3. Bad (wo) Kompany, They Can’t Deny: City started the season with one of the best defensive displays the Premier League has seen, barring Mourinho’s best Chelsea teams. And then Kompany went out injured and the club showed that price and performance are not as closely correlated as one would hope. Chelsea found that out a few years ago with Torres, of course, but high priced defenders generally perform at a high level. That has not been the case with City of late, particularly on the road. Mangala was terrible on the second goal and could have done better on the first and Otamendi has been up and down since arriving in England. Questions can be asked of Pelligrini as well, though, as playing a clearly less than 100 percent Sergio Aguero (arguably still the best pure striker in England, with due respect to Vardy) and leaving Sterling on the bench seemed to backfire. De Bruyne is a great player with almost limitless upside, but he needs targets to hit, as he is a better provider than scorer. A simple cross in the 31st minute would have given Silva a tap in; instead he tried to do it alone and pushed the ball wide of the far post two minutes before the stunning Walcott strike. It’s hard to know how the rumors of Guardiola taking over in the summer will affect Pelligrini and the team as they seek their third title in five years, but the early evidence is not positive. City have dropped points in recent weeks with regularity, were lucky to steal all three against Swansea last weekend and were thoroughly outplayed by the Gunners for the second time this calendar year. There is still time to rebound, but concerns must be magnifying that this team is below par when their oft-injured captain is on the sideline.

Sunday, December 20, 2015

EPL Week 17 Recap: Leicester Keep on Winning; Chelsea Finally Do; LVG on the Hot Seat as We Say Adieu to Mou?

Two days after Mourinho got the sack, Louis Van Gaal must be putting his phone on silent and hiding in the closet, hoping that a six-game run without a win (and three straight losses) doesn’t see him deposed of his position at United. The latest effort will do little to quell those doubts, as Norwich came into Old Trafford Saturday and left 2-1 winners as United’s underperforming senior players (most obviously Rooney and Carrick) and their young guns were equally poor in a loss to a team closer to the other end of the table. Tottenham’s 2-0 win over Southampton at the same time meant they catapulted above United, on goal difference, and into the final Champions League spot. Crystal Palace’s late winner in a 2-1 victory at Stoke meant they too drew even with United on 29 points.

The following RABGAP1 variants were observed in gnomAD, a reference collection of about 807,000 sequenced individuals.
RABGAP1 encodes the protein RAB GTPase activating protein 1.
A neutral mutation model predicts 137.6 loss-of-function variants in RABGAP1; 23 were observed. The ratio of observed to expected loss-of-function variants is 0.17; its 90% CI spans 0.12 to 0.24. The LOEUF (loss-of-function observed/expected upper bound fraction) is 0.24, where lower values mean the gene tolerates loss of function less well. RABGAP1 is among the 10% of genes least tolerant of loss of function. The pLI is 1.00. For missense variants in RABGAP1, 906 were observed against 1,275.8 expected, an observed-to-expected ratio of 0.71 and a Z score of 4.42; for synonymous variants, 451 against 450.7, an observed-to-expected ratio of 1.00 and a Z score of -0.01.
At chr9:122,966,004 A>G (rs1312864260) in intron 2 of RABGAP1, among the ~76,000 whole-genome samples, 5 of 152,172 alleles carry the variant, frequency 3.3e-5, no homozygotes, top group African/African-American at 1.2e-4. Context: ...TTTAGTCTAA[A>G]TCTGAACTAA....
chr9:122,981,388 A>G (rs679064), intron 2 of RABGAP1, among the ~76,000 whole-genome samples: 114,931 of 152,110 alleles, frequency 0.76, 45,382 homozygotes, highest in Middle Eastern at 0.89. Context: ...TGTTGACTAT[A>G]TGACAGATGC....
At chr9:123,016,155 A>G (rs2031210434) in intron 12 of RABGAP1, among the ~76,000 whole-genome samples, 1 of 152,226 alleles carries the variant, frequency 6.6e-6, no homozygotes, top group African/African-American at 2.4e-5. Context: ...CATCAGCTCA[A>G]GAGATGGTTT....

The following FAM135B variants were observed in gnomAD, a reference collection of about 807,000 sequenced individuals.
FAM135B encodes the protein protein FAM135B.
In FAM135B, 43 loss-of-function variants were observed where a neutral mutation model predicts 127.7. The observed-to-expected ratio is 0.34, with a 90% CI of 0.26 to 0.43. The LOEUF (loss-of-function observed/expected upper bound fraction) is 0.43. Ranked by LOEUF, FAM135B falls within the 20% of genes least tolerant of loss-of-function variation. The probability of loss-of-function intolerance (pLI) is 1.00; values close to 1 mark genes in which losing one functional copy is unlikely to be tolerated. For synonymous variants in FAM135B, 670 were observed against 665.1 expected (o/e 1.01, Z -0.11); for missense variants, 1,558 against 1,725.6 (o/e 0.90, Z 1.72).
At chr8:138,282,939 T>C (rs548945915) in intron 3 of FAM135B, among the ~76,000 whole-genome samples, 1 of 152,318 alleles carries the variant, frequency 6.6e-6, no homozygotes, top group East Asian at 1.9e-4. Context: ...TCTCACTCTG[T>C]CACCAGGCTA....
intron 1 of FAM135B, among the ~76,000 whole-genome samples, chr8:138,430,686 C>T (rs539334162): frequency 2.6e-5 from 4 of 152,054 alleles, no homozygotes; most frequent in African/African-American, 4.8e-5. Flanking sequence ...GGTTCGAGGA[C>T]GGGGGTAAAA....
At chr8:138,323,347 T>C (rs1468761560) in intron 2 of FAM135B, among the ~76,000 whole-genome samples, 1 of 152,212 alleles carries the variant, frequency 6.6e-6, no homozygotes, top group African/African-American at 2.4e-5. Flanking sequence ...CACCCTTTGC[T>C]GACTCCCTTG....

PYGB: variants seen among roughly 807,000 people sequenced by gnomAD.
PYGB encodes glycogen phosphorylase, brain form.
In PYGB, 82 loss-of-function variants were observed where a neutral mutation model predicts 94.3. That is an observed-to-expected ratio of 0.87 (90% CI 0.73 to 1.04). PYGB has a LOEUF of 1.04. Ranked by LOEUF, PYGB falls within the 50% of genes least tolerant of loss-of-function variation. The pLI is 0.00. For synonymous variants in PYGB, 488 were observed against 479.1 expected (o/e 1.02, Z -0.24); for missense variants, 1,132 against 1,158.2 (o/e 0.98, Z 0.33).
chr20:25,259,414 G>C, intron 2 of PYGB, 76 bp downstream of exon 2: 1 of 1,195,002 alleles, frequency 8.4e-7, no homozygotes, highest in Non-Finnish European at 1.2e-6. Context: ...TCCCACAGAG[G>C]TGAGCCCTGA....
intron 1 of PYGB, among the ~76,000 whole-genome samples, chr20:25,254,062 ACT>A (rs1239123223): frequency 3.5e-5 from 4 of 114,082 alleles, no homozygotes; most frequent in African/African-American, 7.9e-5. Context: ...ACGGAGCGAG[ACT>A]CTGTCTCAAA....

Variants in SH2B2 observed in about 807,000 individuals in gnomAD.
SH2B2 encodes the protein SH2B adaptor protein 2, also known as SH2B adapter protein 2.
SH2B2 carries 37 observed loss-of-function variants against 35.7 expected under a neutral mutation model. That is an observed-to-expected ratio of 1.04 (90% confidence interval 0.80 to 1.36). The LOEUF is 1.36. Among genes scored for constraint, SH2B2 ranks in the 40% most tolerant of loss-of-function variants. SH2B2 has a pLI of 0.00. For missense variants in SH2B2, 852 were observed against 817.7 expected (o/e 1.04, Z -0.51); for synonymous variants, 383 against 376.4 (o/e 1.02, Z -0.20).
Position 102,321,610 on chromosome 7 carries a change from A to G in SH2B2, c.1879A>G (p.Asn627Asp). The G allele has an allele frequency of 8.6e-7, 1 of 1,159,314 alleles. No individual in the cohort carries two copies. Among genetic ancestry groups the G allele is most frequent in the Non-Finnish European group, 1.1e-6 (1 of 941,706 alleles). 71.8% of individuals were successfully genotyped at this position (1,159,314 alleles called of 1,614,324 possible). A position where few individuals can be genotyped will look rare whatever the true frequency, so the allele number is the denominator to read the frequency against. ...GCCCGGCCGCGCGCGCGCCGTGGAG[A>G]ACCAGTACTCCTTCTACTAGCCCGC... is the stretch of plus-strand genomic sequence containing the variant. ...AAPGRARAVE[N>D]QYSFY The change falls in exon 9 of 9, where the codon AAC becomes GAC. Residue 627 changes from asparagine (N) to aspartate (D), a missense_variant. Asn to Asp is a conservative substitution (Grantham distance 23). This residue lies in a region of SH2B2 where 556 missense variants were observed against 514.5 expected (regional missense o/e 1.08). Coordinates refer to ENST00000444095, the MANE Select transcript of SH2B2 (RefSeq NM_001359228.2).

Meanwhile, two of the hottest teams in the league continued their impressive runs. Leicester City held on for a hard-fought 3-2 win over an Everton team that cannot seem to sustain momentum or win enough games against this year for Martinez, who might be starting to feel a little pressure himself. And Bournemouth made it three on the bounce, winning at West Brom 2-1, and are now unbeaten in 5, since the 1-0 loss to Newcastle. Given all of the injuries the newly promoted side have encountered, it is a truly impressive run, while West Brom must be worried they could be drawn into the relegation battle if this form continues. Chelsea, of course, rebounded from their recent struggles to win 3-1 in their first game post-Mourinho, though the fact it was Sunderland should stop anyone from talking of a phoenix-like renaissance just yet. And in the final game Saturday, relegation strugglers Newcastle and Aston Villa played out a 1-1 draw that will do little to inspire hope of a second half escape for the visiting long time stalwarts of the league.

On Sunday, the Klopp project suffered its second disappointing result in a row as upstart Watford capitalized on an early error by new Reds keeper Bogdan to take a 1-0 lead they would build on throughout the game, ending it 3-0 winners and seventh in the table (a mere point from fourth place). It is an extraordinary achievement from a newly promoted team and is based on high pressing, stout defending and a great duo up front of Ighalo and Deeney. Their next three opponents – Chelsea, Tottenham and City – beware! Swansea dominated possession, chances and shots in their home encounter with injury-plagued West Ham but had to settle for a 0-0 draw after failing to capitalize on any of those 21 shots. West Ham will probably take the away point as they continue to await the return of most of their offensive threats.

The biggest game of the weekend is Monday, between title-challengers Arsenal and City, but since I’m travelling the next 24 hours, I decided to post this now and follow with my match report of that game on Tuesday …

Some thoughts on Game Week 17: